Specific reversal of dabigatran can be achieved with idarucizumab, which is a non-competitive inhibitor and represents a humanized monoclonal antibody fragment binding to dabigatran with high affinity (350 times greater than thrombin). The formation of this complex between idarucizumab and dabigatran is almost irreversible; hence, anticoagulation persistently reversed, and this complex renally excreted [36, 40]. Idarucizumab (Praxbind®) is administered as two intravenous boluses (2 × 2.5 g) within 15 min and gained approval by the European Medicines Agency (EMA) and Federal Drug Administration (FDA) in 2015 for reversal of dabigatran-associated life-threating bleeding complications or for patients requiring emergency surgery.

The full-cohort analyses of the open-label REVERSE-AD study was published in 2017, comprised overall 503 patients grouped into patients with uncontrolled hemorrhage (group A, n = 301) or in need for urgent invasive procedures (group B, n = 202) [36]. The primary endpoint consisted of the maximum percentage reversal of the anticoagulant effect, measured by the dTT or ecarin-clotting time within the first 4 h after infusion of idarucizumab. Results provided for the entire cohort that on admission 92% of patients had prolonged bleeding measures and 4 h after reversal treatment the median maximum percentage reversal was 100% [36]. For group A, including 98 patients with intracranial hemorrhage of which 53 patients experienced ICH, the median level of unbound dabigatran was initially 110 ng/ml and after reversal was 20 ng/ml and remained below this level for 24 h suggesting impairment of anticoagulation to be very unlikely. In patients with intracranial hemorrhage, protocolized follow-up imaging was not mandated; therefore, effects on HE rates cannot be reported. In patients with gastrointestinal hemorrhage (n = 137), further clinical assessment showed that median time to bleeding cessation was 2.5 h. For the entire cohort, the reported thromboembolic event rate was 5% (24/503) within 30 days and in patients with ICH 6% (3/53) experienced a thromboembolic event, all occurring more than 10 days after idarucizumab administration [36].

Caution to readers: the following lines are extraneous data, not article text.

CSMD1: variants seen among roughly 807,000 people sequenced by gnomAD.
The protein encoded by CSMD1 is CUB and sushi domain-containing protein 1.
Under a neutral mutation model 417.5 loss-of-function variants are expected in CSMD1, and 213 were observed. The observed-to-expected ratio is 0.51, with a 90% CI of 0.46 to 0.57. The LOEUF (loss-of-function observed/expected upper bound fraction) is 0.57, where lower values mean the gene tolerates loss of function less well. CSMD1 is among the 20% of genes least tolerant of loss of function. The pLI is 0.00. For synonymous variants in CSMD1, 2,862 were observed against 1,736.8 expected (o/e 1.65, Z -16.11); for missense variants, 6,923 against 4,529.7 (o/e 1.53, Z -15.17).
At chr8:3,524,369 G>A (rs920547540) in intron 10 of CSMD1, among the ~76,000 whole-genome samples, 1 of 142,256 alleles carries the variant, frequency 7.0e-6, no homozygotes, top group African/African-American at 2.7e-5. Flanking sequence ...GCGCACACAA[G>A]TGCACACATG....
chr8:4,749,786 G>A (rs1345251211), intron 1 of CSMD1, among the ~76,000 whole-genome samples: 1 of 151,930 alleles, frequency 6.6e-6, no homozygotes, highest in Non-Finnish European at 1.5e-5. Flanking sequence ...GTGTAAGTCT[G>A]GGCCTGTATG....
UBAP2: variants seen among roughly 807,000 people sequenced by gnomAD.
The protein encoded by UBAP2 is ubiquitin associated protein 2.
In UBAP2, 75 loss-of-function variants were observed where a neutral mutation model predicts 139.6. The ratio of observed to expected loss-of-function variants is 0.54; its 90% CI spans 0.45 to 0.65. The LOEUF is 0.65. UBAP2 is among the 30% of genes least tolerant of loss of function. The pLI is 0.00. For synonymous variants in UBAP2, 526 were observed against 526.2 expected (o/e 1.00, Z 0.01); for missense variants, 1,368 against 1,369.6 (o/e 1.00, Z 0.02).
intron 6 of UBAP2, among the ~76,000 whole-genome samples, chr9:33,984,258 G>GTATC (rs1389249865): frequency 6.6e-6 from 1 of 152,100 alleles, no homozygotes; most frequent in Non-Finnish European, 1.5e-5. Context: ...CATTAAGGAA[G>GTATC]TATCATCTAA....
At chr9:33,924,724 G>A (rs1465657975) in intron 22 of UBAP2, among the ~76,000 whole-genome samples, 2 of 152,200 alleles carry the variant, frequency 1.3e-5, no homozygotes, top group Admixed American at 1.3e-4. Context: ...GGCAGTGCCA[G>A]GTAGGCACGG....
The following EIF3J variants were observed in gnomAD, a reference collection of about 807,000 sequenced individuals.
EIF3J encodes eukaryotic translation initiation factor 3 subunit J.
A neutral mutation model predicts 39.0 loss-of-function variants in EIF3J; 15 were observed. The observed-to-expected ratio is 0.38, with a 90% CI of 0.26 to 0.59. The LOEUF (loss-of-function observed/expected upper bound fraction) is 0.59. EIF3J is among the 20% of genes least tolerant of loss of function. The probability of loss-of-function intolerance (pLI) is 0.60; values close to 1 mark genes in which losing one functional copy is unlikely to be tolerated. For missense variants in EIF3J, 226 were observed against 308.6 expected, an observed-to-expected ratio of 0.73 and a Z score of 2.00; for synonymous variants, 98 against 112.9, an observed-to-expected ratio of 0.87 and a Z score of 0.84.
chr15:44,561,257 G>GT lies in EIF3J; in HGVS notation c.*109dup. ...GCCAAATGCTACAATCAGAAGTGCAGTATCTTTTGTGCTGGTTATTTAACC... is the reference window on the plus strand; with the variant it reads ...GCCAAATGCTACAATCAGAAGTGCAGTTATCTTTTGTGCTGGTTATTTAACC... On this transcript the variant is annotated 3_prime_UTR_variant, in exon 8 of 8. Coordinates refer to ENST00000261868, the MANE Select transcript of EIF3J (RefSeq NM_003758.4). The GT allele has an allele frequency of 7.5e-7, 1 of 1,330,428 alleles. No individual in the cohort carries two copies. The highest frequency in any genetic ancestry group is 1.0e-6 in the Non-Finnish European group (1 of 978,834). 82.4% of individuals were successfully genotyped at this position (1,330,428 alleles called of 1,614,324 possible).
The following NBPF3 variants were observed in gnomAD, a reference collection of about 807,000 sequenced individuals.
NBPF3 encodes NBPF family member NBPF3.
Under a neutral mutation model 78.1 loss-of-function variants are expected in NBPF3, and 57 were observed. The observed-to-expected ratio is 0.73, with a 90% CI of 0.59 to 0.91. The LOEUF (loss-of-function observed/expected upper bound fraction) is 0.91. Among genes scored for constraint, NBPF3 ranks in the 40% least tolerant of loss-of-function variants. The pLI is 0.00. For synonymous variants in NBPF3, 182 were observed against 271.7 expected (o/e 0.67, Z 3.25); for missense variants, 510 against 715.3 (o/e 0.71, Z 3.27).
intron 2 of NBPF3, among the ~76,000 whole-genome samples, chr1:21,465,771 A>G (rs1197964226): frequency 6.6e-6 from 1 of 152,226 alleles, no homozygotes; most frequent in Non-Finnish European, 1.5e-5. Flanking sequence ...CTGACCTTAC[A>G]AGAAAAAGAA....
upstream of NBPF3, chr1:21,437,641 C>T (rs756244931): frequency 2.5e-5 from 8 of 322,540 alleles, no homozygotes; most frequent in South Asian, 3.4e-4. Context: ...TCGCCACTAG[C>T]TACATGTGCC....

Mechanistically, idarucizumab is not expected to generate an intrinsic prothrombotic risk, and the reported events are likely to be associated with the underlying disease. Data specifically in ICH patients is very limited, and smaller case series based on a prospective German nation-wide observational study reported HE rate of 25% (2/8) after reversal with idarucizumab theoretically reflecting a HE rate comparable to VKA-associated ICH patients being reversed to INR levels below 1.3 [41]. Even though randomized data and detailed analysis of ICH patients is lacking, findings of the REVERSE-AD study for dabigatran-associated ICH suggest that the specific antidote idarucizumab provides a rapid, sufficient, and prolonged reversal of anticoagulation effect and should be immediately administered after diagnosis of ICH as two intravenous boluses (2 × 2.5 g) within 15 min [36].

Andexanet alfa for factor-Xa-inhibitor-associated ICH

Specific reversal of factor-Xa-inhibitors (rivaroxaban, apixaban) can be accomplished with andexanet alfa (Andexxa®) which has been approved in May 2018 by the FDA. Andexanet alfa has been designed to reverse the anticoagulant activity of both direct and indirect factor-Xa-inhibitors [42]. Andexanet alfa acts as a human decoy receptor binding to the active site of factor-Xa inhibitors with high affinity and possesses no catalytic activity [42]. Therefore, factor-Xa activity is supposedly restored and effect of anticoagulation attenuated. Several studies in healthy subjects have been conducted to evaluate the potential of reversing anticoagulation. More specifically, a two-part randomized controlled phase 3 trial (ANNEXA-A and ANNEXA-R) evaluated effectiveness of andexanet alfa in healthy older volunteers taking either apixaban (ANNEXA-A, n = 24) or rivaroxaban (ANNEXA-R, n = 27) comparing different dosing (400–960 mg) and application regimes (single bolus and bolus followed by 2-h infusion) [43]. Study results showed that in over 90% anti-Xa activity was reduced during time of treatment with andexanet alfa followed by a rebound after end of infusion [43].